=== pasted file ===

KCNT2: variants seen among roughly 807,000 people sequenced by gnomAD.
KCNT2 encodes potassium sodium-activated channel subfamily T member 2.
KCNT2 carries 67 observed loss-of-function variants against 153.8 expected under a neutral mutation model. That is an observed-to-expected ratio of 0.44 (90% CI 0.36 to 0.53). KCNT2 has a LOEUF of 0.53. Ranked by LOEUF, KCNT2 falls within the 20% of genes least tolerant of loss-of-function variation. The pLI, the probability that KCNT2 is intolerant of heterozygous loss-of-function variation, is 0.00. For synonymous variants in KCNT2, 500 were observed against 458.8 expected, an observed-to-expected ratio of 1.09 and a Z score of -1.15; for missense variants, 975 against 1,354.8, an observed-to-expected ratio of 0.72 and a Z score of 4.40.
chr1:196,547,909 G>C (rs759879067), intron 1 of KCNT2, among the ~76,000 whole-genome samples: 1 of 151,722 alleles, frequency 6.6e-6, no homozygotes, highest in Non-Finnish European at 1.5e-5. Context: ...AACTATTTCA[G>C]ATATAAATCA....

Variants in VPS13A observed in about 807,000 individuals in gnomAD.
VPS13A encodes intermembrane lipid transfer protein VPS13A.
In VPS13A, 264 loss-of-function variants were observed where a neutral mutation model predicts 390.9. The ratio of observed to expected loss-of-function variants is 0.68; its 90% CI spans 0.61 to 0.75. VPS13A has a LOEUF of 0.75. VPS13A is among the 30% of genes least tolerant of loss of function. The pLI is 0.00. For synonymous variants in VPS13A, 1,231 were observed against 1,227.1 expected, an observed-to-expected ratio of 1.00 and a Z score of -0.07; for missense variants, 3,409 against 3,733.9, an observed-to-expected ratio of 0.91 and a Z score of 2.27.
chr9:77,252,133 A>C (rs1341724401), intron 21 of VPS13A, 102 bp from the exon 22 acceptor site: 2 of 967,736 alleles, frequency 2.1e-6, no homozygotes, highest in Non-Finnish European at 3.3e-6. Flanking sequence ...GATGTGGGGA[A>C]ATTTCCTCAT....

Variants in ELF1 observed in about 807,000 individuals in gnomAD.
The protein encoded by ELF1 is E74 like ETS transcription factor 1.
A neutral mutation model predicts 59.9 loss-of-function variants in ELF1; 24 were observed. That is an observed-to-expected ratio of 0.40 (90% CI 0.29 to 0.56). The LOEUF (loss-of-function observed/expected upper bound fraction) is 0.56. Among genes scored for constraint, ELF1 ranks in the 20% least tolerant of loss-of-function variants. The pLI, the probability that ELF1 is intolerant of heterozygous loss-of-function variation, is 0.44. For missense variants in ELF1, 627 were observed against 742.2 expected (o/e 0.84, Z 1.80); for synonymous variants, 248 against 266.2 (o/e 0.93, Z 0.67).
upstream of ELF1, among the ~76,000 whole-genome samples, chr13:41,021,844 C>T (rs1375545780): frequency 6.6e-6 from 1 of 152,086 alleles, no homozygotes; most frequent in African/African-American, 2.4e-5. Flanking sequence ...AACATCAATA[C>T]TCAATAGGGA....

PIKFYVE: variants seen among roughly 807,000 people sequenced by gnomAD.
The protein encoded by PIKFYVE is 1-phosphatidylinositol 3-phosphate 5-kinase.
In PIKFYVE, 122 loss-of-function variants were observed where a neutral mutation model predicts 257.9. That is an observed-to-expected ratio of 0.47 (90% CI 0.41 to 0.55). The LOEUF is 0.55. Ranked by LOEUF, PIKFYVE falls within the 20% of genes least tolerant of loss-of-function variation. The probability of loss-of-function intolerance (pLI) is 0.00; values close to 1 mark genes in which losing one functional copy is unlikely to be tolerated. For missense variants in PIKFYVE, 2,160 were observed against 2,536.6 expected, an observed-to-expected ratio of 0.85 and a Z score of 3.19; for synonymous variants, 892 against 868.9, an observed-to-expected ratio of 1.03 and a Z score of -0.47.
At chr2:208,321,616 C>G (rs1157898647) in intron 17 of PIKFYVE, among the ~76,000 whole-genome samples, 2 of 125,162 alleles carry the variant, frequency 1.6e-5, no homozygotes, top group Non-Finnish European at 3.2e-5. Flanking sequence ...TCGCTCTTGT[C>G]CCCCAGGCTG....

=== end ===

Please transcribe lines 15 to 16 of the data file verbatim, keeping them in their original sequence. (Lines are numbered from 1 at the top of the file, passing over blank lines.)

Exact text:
In PIKFYVE, 122 loss-of-function variants were observed where a neutral mutation model predicts 257.9. That is an observed-to-expected ratio of 0.47 (90% CI 0.41 to 0.55). The LOEUF is 0.55. Ranked by LOEUF, PIKFYVE falls within the 20% of genes least tolerant of loss-of-function variation. The probability of loss-of-function intolerance (pLI) is 0.00; values close to 1 mark genes in which losing one functional copy is unlikely to be tolerated. For missense variants in PIKFYVE, 2,160 were observed against 2,536.6 expected, an observed-to-expected ratio of 0.85 and a Z score of 3.19; for synonymous variants, 892 against 868.9, an observed-to-expected ratio of 1.03 and a Z score of -0.47.
At chr2:208,321,616 C>G (rs1157898647) in intron 17 of PIKFYVE, among the ~76,000 whole-genome samples, 2 of 125,162 alleles carry the variant, frequency 1.6e-5, no homozygotes, top group Non-Finnish European at 3.2e-5. Flanking sequence ...TCGCTCTTGT[C>G]CCCCAGGCTG....